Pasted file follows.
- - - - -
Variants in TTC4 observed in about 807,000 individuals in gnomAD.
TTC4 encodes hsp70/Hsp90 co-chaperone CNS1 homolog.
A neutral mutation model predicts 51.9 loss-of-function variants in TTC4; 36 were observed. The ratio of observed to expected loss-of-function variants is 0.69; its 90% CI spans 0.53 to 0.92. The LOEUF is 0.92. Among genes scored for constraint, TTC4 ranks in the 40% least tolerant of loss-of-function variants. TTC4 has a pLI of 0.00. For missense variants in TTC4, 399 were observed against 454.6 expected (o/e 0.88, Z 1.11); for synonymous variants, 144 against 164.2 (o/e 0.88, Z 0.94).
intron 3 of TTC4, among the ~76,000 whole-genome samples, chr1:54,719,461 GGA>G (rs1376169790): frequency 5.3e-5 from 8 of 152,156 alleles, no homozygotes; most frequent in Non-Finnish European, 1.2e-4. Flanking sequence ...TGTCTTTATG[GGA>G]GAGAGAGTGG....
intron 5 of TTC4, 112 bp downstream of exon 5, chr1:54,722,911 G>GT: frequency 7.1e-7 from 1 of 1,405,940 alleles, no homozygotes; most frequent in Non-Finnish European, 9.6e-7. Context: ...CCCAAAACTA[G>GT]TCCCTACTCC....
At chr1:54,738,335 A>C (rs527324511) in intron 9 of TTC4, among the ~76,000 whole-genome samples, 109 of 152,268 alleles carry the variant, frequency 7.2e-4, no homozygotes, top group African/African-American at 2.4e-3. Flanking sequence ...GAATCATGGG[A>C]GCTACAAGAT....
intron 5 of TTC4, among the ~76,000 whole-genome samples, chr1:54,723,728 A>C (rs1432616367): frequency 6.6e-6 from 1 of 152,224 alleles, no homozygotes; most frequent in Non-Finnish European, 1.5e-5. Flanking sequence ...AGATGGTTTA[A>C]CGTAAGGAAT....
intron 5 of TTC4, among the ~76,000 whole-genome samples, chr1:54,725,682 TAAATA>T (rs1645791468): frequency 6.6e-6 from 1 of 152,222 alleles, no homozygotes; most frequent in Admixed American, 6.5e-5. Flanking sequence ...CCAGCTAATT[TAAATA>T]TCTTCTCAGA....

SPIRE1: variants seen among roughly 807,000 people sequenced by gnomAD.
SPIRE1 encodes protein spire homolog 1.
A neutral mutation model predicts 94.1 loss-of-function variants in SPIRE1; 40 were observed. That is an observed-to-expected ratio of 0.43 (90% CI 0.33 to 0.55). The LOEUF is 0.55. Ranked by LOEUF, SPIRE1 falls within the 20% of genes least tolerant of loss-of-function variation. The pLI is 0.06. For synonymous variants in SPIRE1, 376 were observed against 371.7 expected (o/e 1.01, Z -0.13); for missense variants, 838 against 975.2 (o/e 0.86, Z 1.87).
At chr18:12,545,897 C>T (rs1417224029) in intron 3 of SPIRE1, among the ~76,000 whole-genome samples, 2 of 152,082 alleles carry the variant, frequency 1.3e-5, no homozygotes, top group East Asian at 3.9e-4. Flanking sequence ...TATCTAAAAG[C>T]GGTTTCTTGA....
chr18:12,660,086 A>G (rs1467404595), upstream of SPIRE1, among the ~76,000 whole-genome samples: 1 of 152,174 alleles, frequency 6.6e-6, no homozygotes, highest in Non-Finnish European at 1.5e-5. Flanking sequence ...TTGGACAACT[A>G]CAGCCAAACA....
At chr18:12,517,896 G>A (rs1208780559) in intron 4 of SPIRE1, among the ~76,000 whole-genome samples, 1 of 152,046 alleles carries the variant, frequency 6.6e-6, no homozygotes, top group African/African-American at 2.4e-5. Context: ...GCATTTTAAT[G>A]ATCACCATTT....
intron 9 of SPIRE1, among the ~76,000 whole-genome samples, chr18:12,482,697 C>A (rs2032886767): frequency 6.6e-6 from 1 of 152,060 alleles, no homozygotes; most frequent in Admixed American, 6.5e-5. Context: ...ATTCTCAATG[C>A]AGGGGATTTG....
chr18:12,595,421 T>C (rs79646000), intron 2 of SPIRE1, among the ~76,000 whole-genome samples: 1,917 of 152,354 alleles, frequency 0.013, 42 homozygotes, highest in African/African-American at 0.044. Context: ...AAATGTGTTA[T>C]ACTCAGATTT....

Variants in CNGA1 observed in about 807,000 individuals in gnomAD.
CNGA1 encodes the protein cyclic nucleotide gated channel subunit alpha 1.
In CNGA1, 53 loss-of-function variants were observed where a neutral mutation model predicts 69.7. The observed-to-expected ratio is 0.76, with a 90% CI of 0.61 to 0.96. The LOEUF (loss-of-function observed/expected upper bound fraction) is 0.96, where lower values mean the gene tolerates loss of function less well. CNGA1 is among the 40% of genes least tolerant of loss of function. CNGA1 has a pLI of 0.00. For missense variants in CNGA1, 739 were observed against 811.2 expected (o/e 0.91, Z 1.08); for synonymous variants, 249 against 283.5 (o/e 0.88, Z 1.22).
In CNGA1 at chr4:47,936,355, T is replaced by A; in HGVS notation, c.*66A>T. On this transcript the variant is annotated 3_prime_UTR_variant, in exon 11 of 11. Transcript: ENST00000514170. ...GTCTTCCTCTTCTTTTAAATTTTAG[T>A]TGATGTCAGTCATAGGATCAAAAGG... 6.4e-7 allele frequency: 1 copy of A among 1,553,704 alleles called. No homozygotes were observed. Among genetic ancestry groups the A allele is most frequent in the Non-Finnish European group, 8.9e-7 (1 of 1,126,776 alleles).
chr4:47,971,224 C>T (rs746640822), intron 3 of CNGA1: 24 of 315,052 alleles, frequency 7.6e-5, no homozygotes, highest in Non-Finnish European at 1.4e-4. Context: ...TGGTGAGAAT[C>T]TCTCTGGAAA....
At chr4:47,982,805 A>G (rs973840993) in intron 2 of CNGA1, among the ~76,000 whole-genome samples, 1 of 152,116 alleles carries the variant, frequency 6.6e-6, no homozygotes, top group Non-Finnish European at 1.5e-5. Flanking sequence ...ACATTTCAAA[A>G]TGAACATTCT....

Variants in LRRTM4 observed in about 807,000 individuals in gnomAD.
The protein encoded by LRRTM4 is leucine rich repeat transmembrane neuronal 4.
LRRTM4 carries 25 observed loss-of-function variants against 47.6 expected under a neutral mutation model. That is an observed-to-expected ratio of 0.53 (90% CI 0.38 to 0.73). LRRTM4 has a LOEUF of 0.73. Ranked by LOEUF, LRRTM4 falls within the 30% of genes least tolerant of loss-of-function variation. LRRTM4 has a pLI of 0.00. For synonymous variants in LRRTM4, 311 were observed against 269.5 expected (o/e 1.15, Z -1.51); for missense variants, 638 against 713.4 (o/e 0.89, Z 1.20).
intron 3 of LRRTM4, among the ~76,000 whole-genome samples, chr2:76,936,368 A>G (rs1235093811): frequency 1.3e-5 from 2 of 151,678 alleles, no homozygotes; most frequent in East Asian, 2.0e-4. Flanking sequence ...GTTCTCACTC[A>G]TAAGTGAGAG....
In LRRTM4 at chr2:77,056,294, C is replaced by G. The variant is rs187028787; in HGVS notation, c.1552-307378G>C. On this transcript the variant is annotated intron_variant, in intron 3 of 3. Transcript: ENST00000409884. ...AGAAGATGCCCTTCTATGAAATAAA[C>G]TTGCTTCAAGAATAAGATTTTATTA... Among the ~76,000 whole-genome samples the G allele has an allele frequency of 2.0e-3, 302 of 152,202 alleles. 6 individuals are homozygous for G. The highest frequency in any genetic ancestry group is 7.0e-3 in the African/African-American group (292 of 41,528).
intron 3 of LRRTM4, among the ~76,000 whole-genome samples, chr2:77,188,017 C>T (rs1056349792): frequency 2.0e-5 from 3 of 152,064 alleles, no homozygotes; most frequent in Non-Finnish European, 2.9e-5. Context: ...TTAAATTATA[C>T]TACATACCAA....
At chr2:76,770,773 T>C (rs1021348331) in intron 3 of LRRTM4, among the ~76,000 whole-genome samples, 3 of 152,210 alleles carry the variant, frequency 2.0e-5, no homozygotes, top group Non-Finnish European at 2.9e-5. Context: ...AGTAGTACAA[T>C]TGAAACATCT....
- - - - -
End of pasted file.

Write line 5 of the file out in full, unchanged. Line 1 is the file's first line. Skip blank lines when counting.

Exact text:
intron 5 of TTC4, 112 bp downstream of exon 5, chr1:54,722,911 G>GT: frequency 7.1e-7 from 1 of 1,405,940 alleles, no homozygotes; most frequent in Non-Finnish European, 9.6e-7. Context: ...CCCAAAACTA[G>GT]TCCCTACTCC....